Robert Coverdale's Struggle Part 21

Robert Coverdale's Struggle -

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"I am the nephew of John Trafton, who has a small house on the cliff."

"I know. He is a fisherman."

"Yes, sir."

"Don't disturb yourself. Word shall be sent to your aunt that you are safe. I will give you a sleeping draught, and tomorrow morning we will speak further."

Somehow Robert did not dream of resisting the will of his host. The old man had an air of command to which it seemed natural to submit.

Moreover, he knew that to this mysterious stranger--the hermit of the cliff, as the fishermen called him--he was indebted for his life, and such a man must necessarily be his friend. Robert was, besides, in that condition of physical languor when, if he had felt disposed, he would have found it very difficult to make resistance to the will of another.

"First of all," said the old man, "you must take off your wet clothes. I will place them where they can dry, so that you may put them on in the morning."

With assistance Robert divested himself of his wet garments. As we know, he had little to take off. The stranger brought out a nightgown and then placed our hero in his own bed, wrapping him up in blankets.

"Now for the sleeping draught," he said.

From a bottle he poured out a few drops, which Robert swallowed. In less than three minutes he had closed his eyes and was in a profound slumber.

The old man regarded him with satisfaction as he lay breathing tranquilly upon the bed.

"He is young and strong. Nature has been kind to him and given him an excellent constitution. Sleep will repair the ill effects of exposure. I must remember my promise to the boy," he said.

Turning to the table, he drew from a drawer writing materials and wrote the brief message which, as we have already seen, was duly delivered, and then walked to the entrance of the cavern.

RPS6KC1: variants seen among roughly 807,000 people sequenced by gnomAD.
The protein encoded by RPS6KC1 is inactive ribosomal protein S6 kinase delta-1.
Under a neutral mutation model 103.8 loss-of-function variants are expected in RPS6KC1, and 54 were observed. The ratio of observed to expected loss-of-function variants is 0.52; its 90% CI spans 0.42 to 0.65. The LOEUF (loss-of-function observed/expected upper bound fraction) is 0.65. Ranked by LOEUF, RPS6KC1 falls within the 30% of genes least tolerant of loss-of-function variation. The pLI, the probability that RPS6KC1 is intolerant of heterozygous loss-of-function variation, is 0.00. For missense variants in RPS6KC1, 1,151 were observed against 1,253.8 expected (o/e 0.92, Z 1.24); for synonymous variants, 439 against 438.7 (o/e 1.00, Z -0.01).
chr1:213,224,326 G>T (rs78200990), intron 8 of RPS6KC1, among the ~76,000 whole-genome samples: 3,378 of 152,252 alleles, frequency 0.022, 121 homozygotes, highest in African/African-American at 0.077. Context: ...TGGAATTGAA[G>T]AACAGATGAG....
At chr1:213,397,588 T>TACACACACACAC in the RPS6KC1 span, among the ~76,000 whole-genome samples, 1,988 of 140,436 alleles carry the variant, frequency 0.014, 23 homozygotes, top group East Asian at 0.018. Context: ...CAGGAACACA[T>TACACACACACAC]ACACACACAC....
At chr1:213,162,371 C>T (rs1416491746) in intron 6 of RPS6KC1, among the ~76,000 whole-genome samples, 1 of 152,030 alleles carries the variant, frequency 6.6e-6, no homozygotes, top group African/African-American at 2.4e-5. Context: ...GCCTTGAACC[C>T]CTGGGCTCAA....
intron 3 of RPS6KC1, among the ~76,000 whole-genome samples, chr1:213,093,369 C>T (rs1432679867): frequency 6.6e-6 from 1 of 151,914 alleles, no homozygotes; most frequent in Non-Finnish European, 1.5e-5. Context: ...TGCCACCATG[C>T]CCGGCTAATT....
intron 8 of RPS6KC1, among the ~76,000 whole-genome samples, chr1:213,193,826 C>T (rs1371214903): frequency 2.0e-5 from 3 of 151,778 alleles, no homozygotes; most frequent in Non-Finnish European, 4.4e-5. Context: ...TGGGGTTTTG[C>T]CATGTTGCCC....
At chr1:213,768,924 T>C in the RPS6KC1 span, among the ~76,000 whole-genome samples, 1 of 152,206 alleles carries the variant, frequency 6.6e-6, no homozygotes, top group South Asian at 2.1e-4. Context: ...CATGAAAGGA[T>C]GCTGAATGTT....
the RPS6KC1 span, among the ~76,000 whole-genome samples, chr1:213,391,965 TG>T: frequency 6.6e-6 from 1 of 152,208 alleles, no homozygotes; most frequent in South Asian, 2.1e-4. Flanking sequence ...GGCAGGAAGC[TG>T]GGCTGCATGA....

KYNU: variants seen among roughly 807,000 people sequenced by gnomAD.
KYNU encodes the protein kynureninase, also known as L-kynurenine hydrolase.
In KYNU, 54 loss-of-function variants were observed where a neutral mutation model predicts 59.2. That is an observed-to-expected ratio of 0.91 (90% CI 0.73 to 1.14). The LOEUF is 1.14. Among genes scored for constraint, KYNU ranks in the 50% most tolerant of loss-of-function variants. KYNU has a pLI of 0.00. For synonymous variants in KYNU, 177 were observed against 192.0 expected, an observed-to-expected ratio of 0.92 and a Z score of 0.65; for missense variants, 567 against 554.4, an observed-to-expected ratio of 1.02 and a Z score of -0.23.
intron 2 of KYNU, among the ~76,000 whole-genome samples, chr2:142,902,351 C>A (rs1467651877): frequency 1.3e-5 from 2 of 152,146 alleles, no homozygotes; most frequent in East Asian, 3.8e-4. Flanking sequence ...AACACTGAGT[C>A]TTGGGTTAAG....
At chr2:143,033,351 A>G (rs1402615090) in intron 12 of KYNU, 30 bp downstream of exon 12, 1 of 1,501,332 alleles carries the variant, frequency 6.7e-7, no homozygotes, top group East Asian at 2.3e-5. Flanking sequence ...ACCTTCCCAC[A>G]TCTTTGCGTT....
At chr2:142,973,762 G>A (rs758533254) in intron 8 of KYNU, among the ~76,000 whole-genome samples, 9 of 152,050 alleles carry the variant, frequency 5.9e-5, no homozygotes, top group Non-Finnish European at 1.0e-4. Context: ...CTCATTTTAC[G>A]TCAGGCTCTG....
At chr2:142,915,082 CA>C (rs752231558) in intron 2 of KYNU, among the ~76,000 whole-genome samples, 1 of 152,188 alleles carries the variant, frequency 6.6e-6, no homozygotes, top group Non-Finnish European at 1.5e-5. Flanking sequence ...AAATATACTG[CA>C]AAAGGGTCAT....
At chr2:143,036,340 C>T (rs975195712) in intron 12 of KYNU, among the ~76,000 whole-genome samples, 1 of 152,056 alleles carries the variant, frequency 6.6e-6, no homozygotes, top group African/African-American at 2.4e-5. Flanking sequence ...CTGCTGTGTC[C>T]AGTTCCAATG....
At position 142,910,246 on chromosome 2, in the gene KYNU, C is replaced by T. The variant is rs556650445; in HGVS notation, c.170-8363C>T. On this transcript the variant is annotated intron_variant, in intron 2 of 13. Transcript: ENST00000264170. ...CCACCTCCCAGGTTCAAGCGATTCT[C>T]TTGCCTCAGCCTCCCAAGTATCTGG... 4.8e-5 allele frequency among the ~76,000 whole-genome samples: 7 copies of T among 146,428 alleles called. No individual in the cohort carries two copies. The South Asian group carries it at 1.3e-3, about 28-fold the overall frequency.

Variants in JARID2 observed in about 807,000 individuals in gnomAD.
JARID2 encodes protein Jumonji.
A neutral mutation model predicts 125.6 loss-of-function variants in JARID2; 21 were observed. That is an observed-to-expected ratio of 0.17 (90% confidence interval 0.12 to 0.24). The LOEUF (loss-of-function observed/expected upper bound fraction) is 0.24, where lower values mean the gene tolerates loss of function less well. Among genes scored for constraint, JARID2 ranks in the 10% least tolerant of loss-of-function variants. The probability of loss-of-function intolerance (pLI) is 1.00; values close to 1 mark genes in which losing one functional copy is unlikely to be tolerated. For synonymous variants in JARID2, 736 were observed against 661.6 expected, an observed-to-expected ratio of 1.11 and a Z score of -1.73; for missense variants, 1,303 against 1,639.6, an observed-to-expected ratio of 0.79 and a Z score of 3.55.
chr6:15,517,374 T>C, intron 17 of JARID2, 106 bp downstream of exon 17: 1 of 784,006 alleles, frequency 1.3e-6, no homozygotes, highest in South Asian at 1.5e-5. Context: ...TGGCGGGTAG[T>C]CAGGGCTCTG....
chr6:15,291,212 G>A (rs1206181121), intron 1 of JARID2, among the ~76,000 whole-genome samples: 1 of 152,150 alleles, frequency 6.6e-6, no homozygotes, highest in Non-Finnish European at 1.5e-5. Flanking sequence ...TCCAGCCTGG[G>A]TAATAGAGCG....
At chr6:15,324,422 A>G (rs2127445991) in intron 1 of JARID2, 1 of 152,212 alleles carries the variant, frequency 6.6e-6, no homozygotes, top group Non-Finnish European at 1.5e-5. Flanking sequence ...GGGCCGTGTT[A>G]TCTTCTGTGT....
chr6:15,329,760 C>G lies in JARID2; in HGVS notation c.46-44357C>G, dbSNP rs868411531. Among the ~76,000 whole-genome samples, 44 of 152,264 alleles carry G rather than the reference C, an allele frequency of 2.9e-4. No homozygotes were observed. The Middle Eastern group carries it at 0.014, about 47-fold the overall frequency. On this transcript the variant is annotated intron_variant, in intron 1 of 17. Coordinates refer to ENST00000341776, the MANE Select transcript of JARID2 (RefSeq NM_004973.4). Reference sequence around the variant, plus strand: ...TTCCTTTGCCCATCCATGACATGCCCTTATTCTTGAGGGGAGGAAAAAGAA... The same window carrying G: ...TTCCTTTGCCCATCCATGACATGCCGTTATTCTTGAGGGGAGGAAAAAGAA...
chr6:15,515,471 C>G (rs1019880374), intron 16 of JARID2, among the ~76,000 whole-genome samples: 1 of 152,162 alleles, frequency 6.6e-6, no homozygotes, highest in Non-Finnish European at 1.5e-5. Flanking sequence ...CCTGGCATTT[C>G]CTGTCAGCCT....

He placed a whistle to his lips, and in response to his summons a black dog came bounding to him from the recesses of the grotto and fawned upon him.

"Come with me, Carlo; I have work for you," he said.

The dog, as if he understood, followed his master out upon the beach.

They walked far enough to bring into clear distinctness the cabin on the cliff.

"Do you see that house. Carlo?" asked his master, directing the dog's attention with his outstretched finger.

Carlo answered by a short, quick bark, which apparently meant "yes."

"Carry this note there. Do you understand?"

The dog opened his mouth to receive the missive and trotted contentedly away.

The hermit turned and retraced his steps to the cavern. He stood beside the bed and saw, to his satisfaction, that Robert was still sleeping peacefully.

"It is strange," said he musingly, "that I should feel such an interest in this boy. I had forsworn all intercourse with my kind, save to provide myself with the necessaries of life. For two years I have lived here alone with my dog and I fancied that I felt no further interest in the affairs of my fellow men. Yet here is a poor boy thrown on my hands, and I feel positive pleasure in having him with me. Yet he is nothing to me. He belongs to a poor fisherman's family, and probably he is uneducated, and has no tastes in common with me. Yet he is an attractive boy. He has a well-shaped head and a bright eye. There must be a capacity for something better and higher. I will speak with him in the morning."

He opened a volume from his bookcase, to which reference has not as yet been made, and for two hours he seemed to be absorbed by it.